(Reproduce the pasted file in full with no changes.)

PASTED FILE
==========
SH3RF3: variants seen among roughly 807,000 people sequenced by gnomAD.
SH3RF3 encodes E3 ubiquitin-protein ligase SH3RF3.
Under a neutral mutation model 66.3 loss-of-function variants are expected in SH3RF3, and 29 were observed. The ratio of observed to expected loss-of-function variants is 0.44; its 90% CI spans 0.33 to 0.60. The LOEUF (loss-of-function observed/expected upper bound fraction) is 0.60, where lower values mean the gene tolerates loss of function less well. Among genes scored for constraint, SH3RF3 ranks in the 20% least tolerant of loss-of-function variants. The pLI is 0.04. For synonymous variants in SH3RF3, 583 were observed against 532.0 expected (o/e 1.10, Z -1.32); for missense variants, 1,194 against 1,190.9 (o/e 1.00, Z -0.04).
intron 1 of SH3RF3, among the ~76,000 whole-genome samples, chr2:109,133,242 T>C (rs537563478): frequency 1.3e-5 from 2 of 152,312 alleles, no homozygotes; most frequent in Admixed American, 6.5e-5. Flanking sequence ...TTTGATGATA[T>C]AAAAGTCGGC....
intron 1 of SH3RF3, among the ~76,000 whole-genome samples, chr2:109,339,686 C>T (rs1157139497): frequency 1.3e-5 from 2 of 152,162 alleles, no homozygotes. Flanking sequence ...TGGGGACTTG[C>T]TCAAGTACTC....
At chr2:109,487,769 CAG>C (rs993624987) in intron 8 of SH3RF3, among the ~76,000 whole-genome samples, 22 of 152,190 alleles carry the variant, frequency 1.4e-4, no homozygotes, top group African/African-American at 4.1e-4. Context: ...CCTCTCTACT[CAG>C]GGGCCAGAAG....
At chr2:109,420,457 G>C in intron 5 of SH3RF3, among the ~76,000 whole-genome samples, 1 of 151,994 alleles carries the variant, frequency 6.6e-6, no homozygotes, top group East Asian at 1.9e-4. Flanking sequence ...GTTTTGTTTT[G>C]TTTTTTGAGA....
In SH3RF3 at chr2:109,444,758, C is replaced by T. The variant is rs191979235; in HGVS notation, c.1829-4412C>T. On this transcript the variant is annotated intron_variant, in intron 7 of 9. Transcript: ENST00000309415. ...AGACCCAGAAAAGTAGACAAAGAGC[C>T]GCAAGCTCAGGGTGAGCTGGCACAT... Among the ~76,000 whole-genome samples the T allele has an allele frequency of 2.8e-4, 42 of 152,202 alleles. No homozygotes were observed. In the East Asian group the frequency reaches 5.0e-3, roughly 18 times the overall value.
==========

SH3RF3: variants seen among roughly 807,000 people sequenced by gnomAD.
SH3RF3 encodes E3 ubiquitin-protein ligase SH3RF3.
Under a neutral mutation model 66.3 loss-of-function variants are expected in SH3RF3, and 29 were observed. The ratio of observed to expected loss-of-function variants is 0.44; its 90% CI spans 0.33 to 0.60. The LOEUF (loss-of-function observed/expected upper bound fraction) is 0.60, where lower values mean the gene tolerates loss of function less well. Among genes scored for constraint, SH3RF3 ranks in the 20% least tolerant of loss-of-function variants. The pLI is 0.04. For synonymous variants in SH3RF3, 583 were observed against 532.0 expected (o/e 1.10, Z -1.32); for missense variants, 1,194 against 1,190.9 (o/e 1.00, Z -0.04).
intron 1 of SH3RF3, among the ~76,000 whole-genome samples, chr2:109,133,242 T>C (rs537563478): frequency 1.3e-5 from 2 of 152,312 alleles, no homozygotes; most frequent in Admixed American, 6.5e-5. Flanking sequence ...TTTGATGATA[T>C]AAAAGTCGGC....
intron 1 of SH3RF3, among the ~76,000 whole-genome samples, chr2:109,339,686 C>T (rs1157139497): frequency 1.3e-5 from 2 of 152,162 alleles, no homozygotes. Flanking sequence ...TGGGGACTTG[C>T]TCAAGTACTC....
At chr2:109,487,769 CAG>C (rs993624987) in intron 8 of SH3RF3, among the ~76,000 whole-genome samples, 22 of 152,190 alleles carry the variant, frequency 1.4e-4, no homozygotes, top group African/African-American at 4.1e-4. Context: ...CCTCTCTACT[CAG>C]GGGCCAGAAG....
At chr2:109,420,457 G>C in intron 5 of SH3RF3, among the ~76,000 whole-genome samples, 1 of 151,994 alleles carries the variant, frequency 6.6e-6, no homozygotes, top group East Asian at 1.9e-4. Flanking sequence ...GTTTTGTTTT[G>C]TTTTTTGAGA....
In SH3RF3 at chr2:109,444,758, C is replaced by T. The variant is rs191979235; in HGVS notation, c.1829-4412C>T. On this transcript the variant is annotated intron_variant, in intron 7 of 9. Transcript: ENST00000309415. ...AGACCCAGAAAAGTAGACAAAGAGC[C>T]GCAAGCTCAGGGTGAGCTGGCACAT... Among the ~76,000 whole-genome samples the T allele has an allele frequency of 2.8e-4, 42 of 152,202 alleles. No homozygotes were observed. In the East Asian group the frequency reaches 5.0e-3, roughly 18 times the overall value.